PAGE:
Our Ohio poll this week found 7% of voters undecided and 9% of those who do have a current preference open to changing their minds between now and the election. That means Barack Obama and John McCain will be fighting over a group of voters that comprises about 15% of the electorate over the final six and a half weeks of the campaign.
Who are these persuadable voters?
-They have a more Democratic lean than voters who have their minds made up. 15% more are Democrats than Republicans, compared to a 6% Democratic party identification advantage in the population at large. This is a function of two things. First, Republicans in the state are pretty universally lined up around and committed to John McCain. Second, there is a segment of Democrats in Ohio that is still pretty unsure about Obama- not to the extent that they're crossing right over to the Republicans, but they still need to be convinced by the Democratic nominee that he's worthy of their support.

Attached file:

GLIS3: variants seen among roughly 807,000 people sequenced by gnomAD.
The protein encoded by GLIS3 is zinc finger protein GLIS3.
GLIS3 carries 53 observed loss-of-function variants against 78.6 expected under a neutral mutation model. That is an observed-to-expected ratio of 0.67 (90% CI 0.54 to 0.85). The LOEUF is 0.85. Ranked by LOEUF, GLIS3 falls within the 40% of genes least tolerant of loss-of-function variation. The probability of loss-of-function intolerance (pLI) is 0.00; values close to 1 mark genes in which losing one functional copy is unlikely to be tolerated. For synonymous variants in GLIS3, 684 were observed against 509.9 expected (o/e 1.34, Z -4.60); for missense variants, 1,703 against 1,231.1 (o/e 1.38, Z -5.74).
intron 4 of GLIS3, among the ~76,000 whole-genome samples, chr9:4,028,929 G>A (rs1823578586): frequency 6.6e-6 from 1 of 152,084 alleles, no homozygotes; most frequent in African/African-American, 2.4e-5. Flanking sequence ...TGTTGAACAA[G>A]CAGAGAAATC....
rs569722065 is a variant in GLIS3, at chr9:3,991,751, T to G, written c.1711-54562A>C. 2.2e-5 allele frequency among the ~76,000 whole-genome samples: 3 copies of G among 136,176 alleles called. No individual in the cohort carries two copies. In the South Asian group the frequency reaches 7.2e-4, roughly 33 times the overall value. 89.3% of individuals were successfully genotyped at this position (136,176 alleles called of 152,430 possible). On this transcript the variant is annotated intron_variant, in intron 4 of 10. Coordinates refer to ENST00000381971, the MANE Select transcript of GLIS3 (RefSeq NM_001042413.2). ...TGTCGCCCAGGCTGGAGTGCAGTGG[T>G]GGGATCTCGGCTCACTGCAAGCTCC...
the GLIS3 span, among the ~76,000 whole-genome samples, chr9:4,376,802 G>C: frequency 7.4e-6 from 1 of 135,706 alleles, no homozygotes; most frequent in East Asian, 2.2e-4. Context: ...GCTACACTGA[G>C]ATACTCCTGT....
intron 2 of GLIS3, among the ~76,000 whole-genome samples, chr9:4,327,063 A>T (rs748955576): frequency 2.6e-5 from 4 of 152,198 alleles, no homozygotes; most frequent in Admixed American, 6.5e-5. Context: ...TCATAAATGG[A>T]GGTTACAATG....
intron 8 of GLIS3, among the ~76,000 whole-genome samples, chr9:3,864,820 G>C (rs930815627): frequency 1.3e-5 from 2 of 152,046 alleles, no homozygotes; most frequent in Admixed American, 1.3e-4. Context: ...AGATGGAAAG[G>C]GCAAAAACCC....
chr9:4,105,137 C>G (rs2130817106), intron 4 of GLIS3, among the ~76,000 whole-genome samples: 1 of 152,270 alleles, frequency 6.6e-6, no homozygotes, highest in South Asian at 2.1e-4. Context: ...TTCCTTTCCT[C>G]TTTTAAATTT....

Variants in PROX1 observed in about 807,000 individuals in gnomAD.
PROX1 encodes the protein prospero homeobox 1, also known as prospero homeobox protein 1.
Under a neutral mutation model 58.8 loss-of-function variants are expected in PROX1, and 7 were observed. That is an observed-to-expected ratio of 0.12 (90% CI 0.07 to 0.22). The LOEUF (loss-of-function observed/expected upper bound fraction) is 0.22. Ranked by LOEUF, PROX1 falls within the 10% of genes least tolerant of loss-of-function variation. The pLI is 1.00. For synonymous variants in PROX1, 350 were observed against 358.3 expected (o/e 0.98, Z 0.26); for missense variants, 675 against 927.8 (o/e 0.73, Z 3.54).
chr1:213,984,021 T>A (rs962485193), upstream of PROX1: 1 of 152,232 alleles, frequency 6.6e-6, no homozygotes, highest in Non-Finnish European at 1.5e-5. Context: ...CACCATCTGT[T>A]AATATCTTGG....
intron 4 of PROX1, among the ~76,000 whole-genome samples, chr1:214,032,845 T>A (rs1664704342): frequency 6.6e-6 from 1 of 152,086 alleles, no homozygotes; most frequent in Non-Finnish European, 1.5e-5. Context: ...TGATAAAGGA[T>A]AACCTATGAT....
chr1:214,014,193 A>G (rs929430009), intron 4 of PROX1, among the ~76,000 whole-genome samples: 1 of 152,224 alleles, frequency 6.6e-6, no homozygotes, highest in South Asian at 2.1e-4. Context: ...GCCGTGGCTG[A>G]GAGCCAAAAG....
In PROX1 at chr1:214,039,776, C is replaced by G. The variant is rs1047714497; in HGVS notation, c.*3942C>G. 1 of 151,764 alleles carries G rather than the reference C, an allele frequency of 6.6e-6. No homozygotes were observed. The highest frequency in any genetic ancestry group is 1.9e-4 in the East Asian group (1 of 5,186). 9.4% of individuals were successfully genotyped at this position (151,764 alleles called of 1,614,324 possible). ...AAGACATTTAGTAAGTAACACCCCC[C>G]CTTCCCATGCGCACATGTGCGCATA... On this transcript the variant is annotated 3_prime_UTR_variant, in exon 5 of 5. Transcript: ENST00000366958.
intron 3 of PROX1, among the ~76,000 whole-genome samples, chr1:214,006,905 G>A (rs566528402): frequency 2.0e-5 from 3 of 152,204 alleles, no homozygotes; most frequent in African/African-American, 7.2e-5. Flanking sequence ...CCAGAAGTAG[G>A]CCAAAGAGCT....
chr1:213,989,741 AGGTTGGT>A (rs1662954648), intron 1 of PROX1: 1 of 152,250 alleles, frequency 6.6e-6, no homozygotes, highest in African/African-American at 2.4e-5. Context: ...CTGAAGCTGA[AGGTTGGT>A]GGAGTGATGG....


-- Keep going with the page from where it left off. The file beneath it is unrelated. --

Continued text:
-Perhaps on a related note, these voters disproportionately live in small towns and few live in urban areas. For the state as a whole 18% of voters described their location as urban while 20% said it was a small town. Among those folks whose support is up for grabs just 12% are urban and 25% are in small towns. Barack Obama and his surrogates may need to work in more visits to places like Portsmouth and Lima over the rest of the campaign along with trips to shore up the base and increase turnout in urban areas of strength.
-Finally, these voters are older than the population at large. Issues like Social Security and Medicare may be particularly important to emphasize with these folks in this time of economic uncertainty.
Whichever candidate can win over this small remaining segment of the population that doesn't have it minds firmly made up may have the inside track to victory in Ohio.